Now, what about the points?  A few years ago, our traveling evolved so that Southwest Airlines turned out to be our preferred airline so all three of us signed up for their Rapid Rewards program. All of our trips started out with the question "Does Southwest fly there?" Many times they did (but not always) so we booked them as much as possible.

The last few years, we've flown on them to Baltimore, Nashville, Dallas, Houston, Fort Lauderdale, and more.  A couple of years later, we have enough to cash in a free flight for the three of us to Atlanta, so our first leg of airfare is basically free (it cost me an extra $16 for taxes and fees for the flight).

Our Hilton points were enough to get us five nights at a hotel in Miami, so those will be cashed in later on this trip. In the meantime, an old Hyatt rewards account that I'd forgotten about had enough points for a couple of nights so we'll be using that in Atlanta to stay at the Hyatt Place in the northern part of the city. In between, we'll have to pay out of pocket for a couple more nights at the Hyatt, the rental car, and a few more hotel nights between Atlanta and Miami.

Lastly, we use a Costco Citi Visa card for most of our purchases which has a very generous cash reward program. In the last year, we've built up enough rewards on that to pay for the cruise to the Bahamas.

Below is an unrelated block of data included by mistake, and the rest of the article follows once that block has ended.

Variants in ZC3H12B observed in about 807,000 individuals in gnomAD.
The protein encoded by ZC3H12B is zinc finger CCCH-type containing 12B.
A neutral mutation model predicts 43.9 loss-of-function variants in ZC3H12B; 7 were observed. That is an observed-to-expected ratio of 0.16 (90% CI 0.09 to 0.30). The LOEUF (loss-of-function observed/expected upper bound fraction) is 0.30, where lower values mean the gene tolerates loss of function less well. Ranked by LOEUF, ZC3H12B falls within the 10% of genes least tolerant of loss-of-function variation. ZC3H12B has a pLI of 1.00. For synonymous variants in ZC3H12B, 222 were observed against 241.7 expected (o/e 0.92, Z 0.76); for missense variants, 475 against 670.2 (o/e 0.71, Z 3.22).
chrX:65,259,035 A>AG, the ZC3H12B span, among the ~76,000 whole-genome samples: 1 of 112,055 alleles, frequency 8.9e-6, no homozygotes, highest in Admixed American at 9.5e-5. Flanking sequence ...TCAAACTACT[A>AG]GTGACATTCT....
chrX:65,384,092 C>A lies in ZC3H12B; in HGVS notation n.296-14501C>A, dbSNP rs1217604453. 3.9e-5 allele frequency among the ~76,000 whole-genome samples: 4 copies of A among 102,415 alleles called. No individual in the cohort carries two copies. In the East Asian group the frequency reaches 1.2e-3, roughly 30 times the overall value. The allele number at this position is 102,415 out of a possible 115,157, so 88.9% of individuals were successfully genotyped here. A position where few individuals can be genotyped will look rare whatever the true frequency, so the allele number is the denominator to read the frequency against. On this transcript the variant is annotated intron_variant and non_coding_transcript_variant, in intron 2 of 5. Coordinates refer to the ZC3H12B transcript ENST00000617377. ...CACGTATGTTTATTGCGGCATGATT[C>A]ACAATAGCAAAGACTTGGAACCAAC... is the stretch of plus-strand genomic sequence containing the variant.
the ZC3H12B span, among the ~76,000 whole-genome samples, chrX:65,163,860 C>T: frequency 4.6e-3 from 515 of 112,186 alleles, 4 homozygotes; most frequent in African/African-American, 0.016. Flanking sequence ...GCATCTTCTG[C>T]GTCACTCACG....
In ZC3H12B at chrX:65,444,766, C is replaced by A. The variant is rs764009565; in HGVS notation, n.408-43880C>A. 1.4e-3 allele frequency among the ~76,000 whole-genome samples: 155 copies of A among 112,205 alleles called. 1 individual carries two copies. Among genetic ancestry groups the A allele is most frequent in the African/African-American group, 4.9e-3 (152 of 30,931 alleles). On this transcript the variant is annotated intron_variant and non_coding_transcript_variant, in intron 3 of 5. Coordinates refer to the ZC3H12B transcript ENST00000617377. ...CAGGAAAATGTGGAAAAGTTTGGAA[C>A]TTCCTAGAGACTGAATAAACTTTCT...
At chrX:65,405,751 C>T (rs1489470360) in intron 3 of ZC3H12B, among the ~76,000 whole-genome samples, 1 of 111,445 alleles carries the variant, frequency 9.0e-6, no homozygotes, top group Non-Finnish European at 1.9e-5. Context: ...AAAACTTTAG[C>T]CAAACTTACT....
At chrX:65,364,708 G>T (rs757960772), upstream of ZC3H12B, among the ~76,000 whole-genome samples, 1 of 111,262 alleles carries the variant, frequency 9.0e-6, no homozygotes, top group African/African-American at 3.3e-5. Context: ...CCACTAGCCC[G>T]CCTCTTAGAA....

Stay tuned...we're off to Atlanta for our mosty-free, big-blowout, post-retirement vacation!

Darryl Musick
Copyright 2018 - All Rights Reserved

Photos by Letty Musick
Copyright 2018 - All Rights Reserved

Sunday, February 2, 2020


I have a theory...that my wife likes Moscow mules so much not because they taste good (they do!) and have a good kick but that it gives her a reason to go shopping for the copper mugs used for the drink.

Watch the Video!

After being very picky about it, I just went ahead and ordered a set on Amazon. They came in last week so, already having the ginger beer and vodka in stock, Tim and I set out to try our hand at it.

The results can be seen in the video, above.

INGREDIENTS - (1 drink)

2-oz vodka
6-oz ginger beer
juice of one lime
sprig of mint

Pour the vodka into the mug. Cut off a few leaves of mint from the sprig and put into the mug. Muddle the mint in the vodka.  Put in the lime juice, fill cup with ice, fill with ginger beer and stir.

Garnish with the rest of the mint sprig and a slice of lime.

Option 2 is to add a splash of Cointreau or Grand Marnier to the drink

Option 3 is to add a splash of sweet and sour

If you want it sweeter, you can also add a splash of grenadine.